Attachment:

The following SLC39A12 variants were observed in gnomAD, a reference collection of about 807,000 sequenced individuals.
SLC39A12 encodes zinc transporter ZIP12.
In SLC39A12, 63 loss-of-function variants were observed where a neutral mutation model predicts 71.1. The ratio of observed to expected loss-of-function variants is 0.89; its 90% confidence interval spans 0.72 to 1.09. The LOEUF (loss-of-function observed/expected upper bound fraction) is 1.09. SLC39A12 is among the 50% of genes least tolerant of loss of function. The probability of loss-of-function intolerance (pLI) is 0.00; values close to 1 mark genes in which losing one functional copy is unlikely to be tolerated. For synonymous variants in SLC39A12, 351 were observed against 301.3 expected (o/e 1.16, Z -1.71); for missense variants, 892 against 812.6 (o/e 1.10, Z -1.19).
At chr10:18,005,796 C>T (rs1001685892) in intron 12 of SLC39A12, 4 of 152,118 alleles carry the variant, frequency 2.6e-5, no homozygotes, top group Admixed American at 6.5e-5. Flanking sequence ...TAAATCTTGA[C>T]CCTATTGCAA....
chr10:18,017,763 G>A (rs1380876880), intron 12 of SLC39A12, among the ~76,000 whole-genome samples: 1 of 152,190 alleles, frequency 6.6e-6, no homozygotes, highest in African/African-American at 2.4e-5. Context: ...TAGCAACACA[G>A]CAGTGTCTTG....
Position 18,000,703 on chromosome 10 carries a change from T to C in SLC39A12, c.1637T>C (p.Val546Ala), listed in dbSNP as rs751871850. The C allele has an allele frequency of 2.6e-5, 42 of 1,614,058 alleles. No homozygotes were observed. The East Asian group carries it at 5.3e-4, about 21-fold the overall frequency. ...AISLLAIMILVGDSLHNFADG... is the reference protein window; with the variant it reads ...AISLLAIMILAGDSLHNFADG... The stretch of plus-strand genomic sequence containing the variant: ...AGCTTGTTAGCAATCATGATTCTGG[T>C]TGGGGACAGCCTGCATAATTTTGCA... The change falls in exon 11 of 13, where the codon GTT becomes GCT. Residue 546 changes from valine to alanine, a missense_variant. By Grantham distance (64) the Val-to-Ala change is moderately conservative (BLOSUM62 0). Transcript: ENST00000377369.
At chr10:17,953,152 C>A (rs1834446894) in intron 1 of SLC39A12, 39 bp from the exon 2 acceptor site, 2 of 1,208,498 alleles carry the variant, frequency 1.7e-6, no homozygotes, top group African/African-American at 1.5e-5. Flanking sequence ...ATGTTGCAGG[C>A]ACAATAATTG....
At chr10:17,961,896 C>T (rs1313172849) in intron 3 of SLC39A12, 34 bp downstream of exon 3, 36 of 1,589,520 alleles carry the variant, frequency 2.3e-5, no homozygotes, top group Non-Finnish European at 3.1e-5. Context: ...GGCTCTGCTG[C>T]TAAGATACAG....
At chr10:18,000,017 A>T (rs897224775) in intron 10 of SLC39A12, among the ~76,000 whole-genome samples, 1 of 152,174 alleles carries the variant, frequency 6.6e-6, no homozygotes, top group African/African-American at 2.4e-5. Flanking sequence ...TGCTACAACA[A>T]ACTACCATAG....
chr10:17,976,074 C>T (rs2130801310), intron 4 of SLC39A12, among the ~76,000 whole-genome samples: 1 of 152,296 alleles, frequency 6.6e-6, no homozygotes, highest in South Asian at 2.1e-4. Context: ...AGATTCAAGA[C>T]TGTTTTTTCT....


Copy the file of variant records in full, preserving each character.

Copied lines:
The following SLC39A12 variants were observed in gnomAD, a reference collection of about 807,000 sequenced individuals.
SLC39A12 encodes zinc transporter ZIP12.
In SLC39A12, 63 loss-of-function variants were observed where a neutral mutation model predicts 71.1. The ratio of observed to expected loss-of-function variants is 0.89; its 90% confidence interval spans 0.72 to 1.09. The LOEUF (loss-of-function observed/expected upper bound fraction) is 1.09. SLC39A12 is among the 50% of genes least tolerant of loss of function. The probability of loss-of-function intolerance (pLI) is 0.00; values close to 1 mark genes in which losing one functional copy is unlikely to be tolerated. For synonymous variants in SLC39A12, 351 were observed against 301.3 expected (o/e 1.16, Z -1.71); for missense variants, 892 against 812.6 (o/e 1.10, Z -1.19).
At chr10:18,005,796 C>T (rs1001685892) in intron 12 of SLC39A12, 4 of 152,118 alleles carry the variant, frequency 2.6e-5, no homozygotes, top group Admixed American at 6.5e-5. Flanking sequence ...TAAATCTTGA[C>T]CCTATTGCAA....
chr10:18,017,763 G>A (rs1380876880), intron 12 of SLC39A12, among the ~76,000 whole-genome samples: 1 of 152,190 alleles, frequency 6.6e-6, no homozygotes, highest in African/African-American at 2.4e-5. Context: ...TAGCAACACA[G>A]CAGTGTCTTG....
Position 18,000,703 on chromosome 10 carries a change from T to C in SLC39A12, c.1637T>C (p.Val546Ala), listed in dbSNP as rs751871850. The C allele has an allele frequency of 2.6e-5, 42 of 1,614,058 alleles. No homozygotes were observed. The East Asian group carries it at 5.3e-4, about 21-fold the overall frequency. ...AISLLAIMILVGDSLHNFADG... is the reference protein window; with the variant it reads ...AISLLAIMILAGDSLHNFADG... The stretch of plus-strand genomic sequence containing the variant: ...AGCTTGTTAGCAATCATGATTCTGG[T>C]TGGGGACAGCCTGCATAATTTTGCA... The change falls in exon 11 of 13, where the codon GTT becomes GCT. Residue 546 changes from valine to alanine, a missense_variant. By Grantham distance (64) the Val-to-Ala change is moderately conservative (BLOSUM62 0). Transcript: ENST00000377369.
At chr10:17,953,152 C>A (rs1834446894) in intron 1 of SLC39A12, 39 bp from the exon 2 acceptor site, 2 of 1,208,498 alleles carry the variant, frequency 1.7e-6, no homozygotes, top group African/African-American at 1.5e-5. Flanking sequence ...ATGTTGCAGG[C>A]ACAATAATTG....
At chr10:17,961,896 C>T (rs1313172849) in intron 3 of SLC39A12, 34 bp downstream of exon 3, 36 of 1,589,520 alleles carry the variant, frequency 2.3e-5, no homozygotes, top group Non-Finnish European at 3.1e-5. Context: ...GGCTCTGCTG[C>T]TAAGATACAG....
At chr10:18,000,017 A>T (rs897224775) in intron 10 of SLC39A12, among the ~76,000 whole-genome samples, 1 of 152,174 alleles carries the variant, frequency 6.6e-6, no homozygotes, top group African/African-American at 2.4e-5. Flanking sequence ...TGCTACAACA[A>T]ACTACCATAG....
chr10:17,976,074 C>T (rs2130801310), intron 4 of SLC39A12, among the ~76,000 whole-genome samples: 1 of 152,296 alleles, frequency 6.6e-6, no homozygotes, highest in South Asian at 2.1e-4. Context: ...AGATTCAAGA[C>T]TGTTTTTTCT....